88.In conjunction with this trend towards more aggressive strategies which led to companies facing difficulties, there has been more and more concentration in some public service markets. The Minister told us that in some markets, for what he described as “the provision of complex public services” there was significant concentration, as the top five suppliers have nearly “60% of the market by value”. However, he also argued that there were markets for facilities management, construction and business processes (such as accounts or pensions administration) where the market is less concentrated. Phil Bentley, CEO of Mitie, agreed with the Minister: he said that the government’s facilities management contracts had the “least concentration” he had ever seen in a market.
89.Other witnesses to our inquiry agreed with the Minister that some markets for government contracts were too concentrated. Paul Davies said that “concentration is an issue” in the market. Reform, a think tank, said that the “supply side is concentrated and becoming increasingly concentrated”. Sir Amyas Morse, the Comptroller and Auditor General, argued that “there has been an unhappy tendency for market concentration to happen and I do not think that the Government have done very much to prevent it”. Matt Dykes from the TUC said “we have seen market concentration reducing choice and contestability”. While Rupert Soames of Serco disagreed that there was concentration in the entire government services market, he acknowledged that “if you get particular specialisms like prisons … you can get narrow individual markets”.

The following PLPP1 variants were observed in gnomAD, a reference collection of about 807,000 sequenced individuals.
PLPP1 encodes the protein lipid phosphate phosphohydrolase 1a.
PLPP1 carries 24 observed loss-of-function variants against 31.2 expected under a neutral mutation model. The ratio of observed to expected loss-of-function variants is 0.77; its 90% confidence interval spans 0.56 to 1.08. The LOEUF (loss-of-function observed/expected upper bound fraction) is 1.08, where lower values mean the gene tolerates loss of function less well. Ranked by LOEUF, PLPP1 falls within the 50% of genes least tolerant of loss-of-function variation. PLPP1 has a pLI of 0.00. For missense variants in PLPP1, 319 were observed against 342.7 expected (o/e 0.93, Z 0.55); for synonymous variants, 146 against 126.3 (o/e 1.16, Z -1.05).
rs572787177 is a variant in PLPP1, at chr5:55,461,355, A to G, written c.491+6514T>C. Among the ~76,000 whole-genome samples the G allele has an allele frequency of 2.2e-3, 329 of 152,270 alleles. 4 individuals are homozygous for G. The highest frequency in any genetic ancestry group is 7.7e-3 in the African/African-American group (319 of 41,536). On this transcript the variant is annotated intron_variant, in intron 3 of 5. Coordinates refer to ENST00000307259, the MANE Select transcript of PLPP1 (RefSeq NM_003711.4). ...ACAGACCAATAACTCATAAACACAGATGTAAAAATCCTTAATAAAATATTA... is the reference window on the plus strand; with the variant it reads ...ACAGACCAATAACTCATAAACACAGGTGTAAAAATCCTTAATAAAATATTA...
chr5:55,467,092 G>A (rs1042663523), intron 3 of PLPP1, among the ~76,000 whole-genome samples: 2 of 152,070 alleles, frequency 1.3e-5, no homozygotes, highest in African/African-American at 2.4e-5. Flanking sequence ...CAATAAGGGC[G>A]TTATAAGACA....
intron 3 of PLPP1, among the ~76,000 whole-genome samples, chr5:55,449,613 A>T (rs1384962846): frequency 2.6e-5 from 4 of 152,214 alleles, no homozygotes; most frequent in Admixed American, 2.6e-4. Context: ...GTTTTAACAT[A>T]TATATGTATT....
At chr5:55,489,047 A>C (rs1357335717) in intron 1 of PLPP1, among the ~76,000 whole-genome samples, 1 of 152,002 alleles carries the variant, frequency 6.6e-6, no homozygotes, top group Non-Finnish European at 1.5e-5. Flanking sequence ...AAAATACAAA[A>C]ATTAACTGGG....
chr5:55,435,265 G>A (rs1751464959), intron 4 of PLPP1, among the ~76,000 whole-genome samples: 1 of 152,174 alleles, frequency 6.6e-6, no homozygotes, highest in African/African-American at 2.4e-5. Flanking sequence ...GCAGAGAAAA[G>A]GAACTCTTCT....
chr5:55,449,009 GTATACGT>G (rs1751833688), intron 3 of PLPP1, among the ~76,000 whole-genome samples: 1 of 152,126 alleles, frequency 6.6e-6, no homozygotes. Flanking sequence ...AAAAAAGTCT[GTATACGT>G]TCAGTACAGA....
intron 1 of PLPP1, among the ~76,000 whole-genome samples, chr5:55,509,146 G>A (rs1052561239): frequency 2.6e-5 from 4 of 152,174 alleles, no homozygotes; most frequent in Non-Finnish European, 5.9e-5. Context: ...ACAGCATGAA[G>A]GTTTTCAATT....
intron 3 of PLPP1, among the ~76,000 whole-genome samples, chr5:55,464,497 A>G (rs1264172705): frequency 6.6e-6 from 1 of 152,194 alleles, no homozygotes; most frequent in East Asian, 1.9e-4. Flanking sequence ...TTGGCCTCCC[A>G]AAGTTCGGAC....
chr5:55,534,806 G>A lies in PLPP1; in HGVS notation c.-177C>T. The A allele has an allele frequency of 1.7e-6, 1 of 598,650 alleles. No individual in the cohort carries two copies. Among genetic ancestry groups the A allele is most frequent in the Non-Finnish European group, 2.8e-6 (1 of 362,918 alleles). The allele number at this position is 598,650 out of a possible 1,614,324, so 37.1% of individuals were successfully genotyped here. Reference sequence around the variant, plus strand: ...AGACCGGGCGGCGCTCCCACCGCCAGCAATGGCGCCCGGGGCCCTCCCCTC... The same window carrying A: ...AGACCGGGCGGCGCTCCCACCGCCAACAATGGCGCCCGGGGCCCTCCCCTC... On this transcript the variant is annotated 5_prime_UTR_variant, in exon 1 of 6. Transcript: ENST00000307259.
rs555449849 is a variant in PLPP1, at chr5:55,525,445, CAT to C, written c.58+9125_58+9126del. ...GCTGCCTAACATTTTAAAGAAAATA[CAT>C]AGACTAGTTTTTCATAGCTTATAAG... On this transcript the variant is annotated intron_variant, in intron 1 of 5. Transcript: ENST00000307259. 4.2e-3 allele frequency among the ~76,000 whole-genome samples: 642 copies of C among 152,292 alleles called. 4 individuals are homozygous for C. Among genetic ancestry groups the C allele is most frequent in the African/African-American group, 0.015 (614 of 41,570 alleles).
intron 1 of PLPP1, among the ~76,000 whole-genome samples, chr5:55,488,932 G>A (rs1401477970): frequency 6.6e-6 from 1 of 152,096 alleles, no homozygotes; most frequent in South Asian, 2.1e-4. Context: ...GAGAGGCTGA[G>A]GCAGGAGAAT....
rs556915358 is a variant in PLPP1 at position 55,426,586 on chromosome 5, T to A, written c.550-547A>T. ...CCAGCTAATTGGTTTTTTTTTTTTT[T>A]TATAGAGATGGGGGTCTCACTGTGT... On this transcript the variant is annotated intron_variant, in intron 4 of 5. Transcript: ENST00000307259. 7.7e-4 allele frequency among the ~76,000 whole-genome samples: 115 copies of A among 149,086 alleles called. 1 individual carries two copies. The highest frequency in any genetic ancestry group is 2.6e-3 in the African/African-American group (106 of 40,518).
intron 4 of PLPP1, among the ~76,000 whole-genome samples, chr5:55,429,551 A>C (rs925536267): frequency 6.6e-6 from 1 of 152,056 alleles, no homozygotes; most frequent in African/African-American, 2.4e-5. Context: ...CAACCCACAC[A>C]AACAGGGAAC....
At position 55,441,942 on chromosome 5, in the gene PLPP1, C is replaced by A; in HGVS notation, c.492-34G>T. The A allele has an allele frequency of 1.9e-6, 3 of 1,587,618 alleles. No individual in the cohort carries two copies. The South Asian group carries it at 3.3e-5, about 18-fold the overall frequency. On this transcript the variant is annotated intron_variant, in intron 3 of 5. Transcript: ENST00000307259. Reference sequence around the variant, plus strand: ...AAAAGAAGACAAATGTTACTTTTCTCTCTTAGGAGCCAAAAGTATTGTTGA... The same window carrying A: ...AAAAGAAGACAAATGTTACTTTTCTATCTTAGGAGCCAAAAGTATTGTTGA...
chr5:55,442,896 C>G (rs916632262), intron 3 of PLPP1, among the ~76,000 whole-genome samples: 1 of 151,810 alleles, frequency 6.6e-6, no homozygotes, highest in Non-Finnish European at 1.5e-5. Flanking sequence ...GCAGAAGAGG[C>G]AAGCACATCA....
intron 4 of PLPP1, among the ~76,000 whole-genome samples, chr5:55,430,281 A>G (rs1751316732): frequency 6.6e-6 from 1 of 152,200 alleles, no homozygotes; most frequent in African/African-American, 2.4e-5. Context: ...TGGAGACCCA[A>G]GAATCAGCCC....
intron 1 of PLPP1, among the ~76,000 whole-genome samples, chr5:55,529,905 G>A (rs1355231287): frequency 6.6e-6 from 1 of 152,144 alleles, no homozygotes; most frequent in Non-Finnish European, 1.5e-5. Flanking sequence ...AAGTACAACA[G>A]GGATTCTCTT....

90.The Minister agreed with these concerns about the concentration of some public sector markets. However, he cautioned that “getting in new big contenders for that particular market in complex public services is not straightforward because you need companies that have the administrative financial capacity to provide services of that character”.